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Keep 'em on their toes!

CORE Dance Company's eclectic Rhythms show takes a cue from Karen O, Bob Fosse, and So You Think You Can Dance

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During a break at an early morning rehearsal at CORE Dance Company, directors were discussing whether Stacy Estrada’s choreography of the Yeah Yeah Yeahs’ dance anthem “Heads Will Roll”—replete with feigned throat-slashing as Karen O belts “Off, off, off with your head!”—would be appropriate for the company’s next elementary school visit. (Pros discussed: It looks super-cool; kids in San Luis are too sheltered anyway. Cons: Implicit violence, etc.)

TEEN DREAM :  CORE dancers, aged 14 to 17, hold the Rhythms show together, performing most of the pieces in the program. Young dancers are exposed to tap, jazz, ballet, and theater influences at CORE Dance. - PHOTO BY MICHAEL HIGGINS
  • PHOTO BY MICHAEL HIGGINS
  • TEEN DREAM : CORE dancers, aged 14 to 17, hold the Rhythms show together, performing most of the pieces in the program. Young dancers are exposed to tap, jazz, ballet, and theater influences at CORE Dance.

Although Estrada’s stylized decapitations were eventually deemed too macabre for pre-teen audiences, taking young people out of their creative comfort zones is generally encouraged at CORE Dance. Owner/director Leslie Baumberger, when developing the newly formed company’s teaching and performing styles, looked to the popular TV show So You Think You Can Dance for inspiration. She noted how exposure to many different choreographers and dance styles conspired to make what she calls “the whole dancer.”

“They didn’t have this label: tap, ballet, jazz, etc.,” she said. “You saw all this growth on the show because the kids were exposed to other dance styles.”

When the longstanding American Dance closed its doors in August 2010, Baumberger, Estrada, and Rose Patti—all former American Dance teachers—formed CORE, which stands for “Creative Original Raw Energy.” Zheila Pouraghabagher joined in October. CORE Rhythms: A New Beginning is the company’s first big production.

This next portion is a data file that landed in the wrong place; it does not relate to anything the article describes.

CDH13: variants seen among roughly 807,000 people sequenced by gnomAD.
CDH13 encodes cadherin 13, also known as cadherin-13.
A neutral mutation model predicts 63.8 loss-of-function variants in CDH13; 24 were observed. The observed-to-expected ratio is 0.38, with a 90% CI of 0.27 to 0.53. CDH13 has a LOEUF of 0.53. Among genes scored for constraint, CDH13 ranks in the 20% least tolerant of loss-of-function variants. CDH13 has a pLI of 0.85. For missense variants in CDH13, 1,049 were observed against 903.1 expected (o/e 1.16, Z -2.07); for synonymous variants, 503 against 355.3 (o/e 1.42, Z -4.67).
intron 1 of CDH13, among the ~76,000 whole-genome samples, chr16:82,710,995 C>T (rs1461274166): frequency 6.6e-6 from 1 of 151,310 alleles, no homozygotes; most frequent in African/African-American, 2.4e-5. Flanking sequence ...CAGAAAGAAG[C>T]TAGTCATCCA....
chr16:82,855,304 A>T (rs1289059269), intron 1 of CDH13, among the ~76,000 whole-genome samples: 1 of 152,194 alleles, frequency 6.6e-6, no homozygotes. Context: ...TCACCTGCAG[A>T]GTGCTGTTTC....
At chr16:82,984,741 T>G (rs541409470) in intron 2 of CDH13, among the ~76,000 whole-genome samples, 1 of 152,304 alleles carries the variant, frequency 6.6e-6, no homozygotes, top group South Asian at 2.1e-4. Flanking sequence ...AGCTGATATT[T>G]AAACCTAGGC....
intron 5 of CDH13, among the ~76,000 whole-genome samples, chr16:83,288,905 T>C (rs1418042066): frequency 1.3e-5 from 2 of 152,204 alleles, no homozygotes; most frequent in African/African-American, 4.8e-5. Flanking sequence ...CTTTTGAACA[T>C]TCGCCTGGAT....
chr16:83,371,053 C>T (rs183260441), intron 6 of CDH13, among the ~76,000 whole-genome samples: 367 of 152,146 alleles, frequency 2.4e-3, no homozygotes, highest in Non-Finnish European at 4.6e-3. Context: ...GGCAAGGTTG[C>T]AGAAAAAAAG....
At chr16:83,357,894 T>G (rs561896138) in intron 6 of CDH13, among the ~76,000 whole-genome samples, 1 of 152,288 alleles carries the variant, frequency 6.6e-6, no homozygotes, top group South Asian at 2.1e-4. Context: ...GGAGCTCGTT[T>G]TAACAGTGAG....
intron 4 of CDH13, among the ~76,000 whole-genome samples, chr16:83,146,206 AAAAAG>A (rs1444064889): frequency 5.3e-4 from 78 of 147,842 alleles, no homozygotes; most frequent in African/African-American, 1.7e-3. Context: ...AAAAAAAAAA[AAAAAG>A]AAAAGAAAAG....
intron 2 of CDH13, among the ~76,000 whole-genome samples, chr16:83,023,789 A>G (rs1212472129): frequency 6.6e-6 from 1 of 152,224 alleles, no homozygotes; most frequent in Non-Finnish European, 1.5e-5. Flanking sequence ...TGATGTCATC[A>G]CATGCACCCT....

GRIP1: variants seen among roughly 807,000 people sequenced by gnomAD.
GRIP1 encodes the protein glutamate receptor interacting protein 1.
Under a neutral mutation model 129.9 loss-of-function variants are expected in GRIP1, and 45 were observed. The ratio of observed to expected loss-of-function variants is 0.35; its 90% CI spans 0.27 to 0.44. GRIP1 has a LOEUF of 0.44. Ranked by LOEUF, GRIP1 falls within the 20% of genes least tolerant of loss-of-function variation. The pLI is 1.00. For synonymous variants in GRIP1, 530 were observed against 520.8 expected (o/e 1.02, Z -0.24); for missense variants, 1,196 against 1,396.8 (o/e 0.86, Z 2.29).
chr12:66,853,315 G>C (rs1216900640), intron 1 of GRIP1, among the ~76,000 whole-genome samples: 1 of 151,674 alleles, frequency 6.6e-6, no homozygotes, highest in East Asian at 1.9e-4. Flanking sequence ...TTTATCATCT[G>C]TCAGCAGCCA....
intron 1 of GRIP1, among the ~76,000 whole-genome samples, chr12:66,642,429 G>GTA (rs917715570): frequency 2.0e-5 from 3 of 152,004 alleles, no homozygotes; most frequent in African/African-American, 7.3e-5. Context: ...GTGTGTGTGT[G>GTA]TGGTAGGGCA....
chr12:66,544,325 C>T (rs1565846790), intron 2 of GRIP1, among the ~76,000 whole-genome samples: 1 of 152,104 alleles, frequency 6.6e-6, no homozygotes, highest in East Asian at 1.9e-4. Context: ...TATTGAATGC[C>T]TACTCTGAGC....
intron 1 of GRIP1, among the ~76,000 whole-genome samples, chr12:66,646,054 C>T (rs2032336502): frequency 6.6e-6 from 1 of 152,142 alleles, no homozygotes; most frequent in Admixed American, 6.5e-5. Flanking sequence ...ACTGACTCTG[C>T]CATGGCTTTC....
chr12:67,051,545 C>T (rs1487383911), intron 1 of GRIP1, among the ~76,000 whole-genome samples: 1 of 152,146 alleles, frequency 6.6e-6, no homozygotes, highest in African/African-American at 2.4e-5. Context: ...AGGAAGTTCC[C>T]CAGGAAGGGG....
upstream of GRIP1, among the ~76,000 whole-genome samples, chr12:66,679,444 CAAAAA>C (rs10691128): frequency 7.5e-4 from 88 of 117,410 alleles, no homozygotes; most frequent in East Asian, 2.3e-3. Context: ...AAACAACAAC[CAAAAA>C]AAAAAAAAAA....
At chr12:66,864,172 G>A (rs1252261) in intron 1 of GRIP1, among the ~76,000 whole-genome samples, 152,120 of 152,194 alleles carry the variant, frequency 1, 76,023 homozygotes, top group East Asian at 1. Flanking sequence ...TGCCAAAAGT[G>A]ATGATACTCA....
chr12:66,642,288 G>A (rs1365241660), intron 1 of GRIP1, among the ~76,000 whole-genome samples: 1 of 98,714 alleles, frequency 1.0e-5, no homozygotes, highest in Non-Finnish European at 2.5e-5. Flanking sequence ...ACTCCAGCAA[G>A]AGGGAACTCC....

Of the company’s upcoming performance— which features the work of choreographers Suzy Miller, Drew Silvaggio, Lisa Deyo, and Theresa Slobodnik—Estrada’s sequined, cutthroat dance-off is likely the edgiest. You can catch that piece and many more at the Cal Poly Spanos Theatre the weekend of March 26 and 27, when CORE Dance takes the stage.

ON THEIR TIPPY-TOES :  Pieces in the new company’s mix-and-match dance show are set to girl rock by the Yeah Yeah Yeahs and Florence and the Machine and a jazz number by local favorite Inga Swearingen. Pictured is Daniela O'Donoghue, aged 17. - PHOTO BY MICHAEL HIGGINS
  • PHOTO BY MICHAEL HIGGINS
  • ON THEIR TIPPY-TOES : Pieces in the new company’s mix-and-match dance show are set to girl rock by the Yeah Yeah Yeahs and Florence and the Machine and a jazz number by local favorite Inga Swearingen. Pictured is Daniela O'Donoghue, aged 17.

After the break to discuss the elementary school visit, when the rehearsal for Rhythms recommenced, Estrada mused, “Maybe we could get a mannequin head and roll it across the stage at the end … .”

Other pieces on the show’s mix-and-match program include “Le Jazz Hot,” Miller’s ’20s tribute to master choreographer Bob Fosse, complete with flapper dresses and swanky-looking, acrobatic moves visited upon folding chairs. Miller’s choreographic leanings, as she readily concedes, borrow heavily from the world of theater, and her pieces—“The Race,” “Saved,” “Oh Yeah”—often contain an element of dramatic storytelling.

Deyo choreographed “Blue,” a modern jazz number, to the song by local sensation Inga Swearingen.

Wes Krukow, who makes a princely appearance in Ballet Theatre SLO’s The Firebird, choreographed another modern jazz number on the program, called “Rolling in the Deep.”

A summery piece by Kelly Allen, set to Florence and the Machine’s hopeful “The Dog Days Are Over,” is just pretty, through and through. Allen, funnily enough, is a former American Dance student who now works in Los Angeles as an assistant choreographer on So You Think You Can Dance.

- DANCE TILL YOU’RE DEAD: - CORE Dance Company’s CORE Rhythms: A New Beginning comes to the Cal Poly Spanos Theater on March 26 at 7 p.m. and March 27 at 2 p.m. Call 756-ARTS or go to pacslo.org for tickets. -
  • DANCE TILL YOU’RE DEAD: CORE Dance Company’s CORE Rhythms: A New Beginning comes to the Cal Poly Spanos Theater on March 26 at 7 p.m. and March 27 at 2 p.m. Call 756-ARTS or go to pacslo.org for tickets.

CORE, probably the newest dance company on the Central Coast, boasts around 53 dancers, plus frequent guests from the Civic Ballet and Ballet Theatre SLO. By incorporating influences from the disparate realms of hip-hop, tap, and jazz, by taking inspiration indiscriminately from both theater and television, the company hopes to create a new crop of “whole” dancers, ready to take on anything.

Think Arts Editor Anna Weltner can dance? Ask her to bust a move at aweltner@newtimesslo.com.

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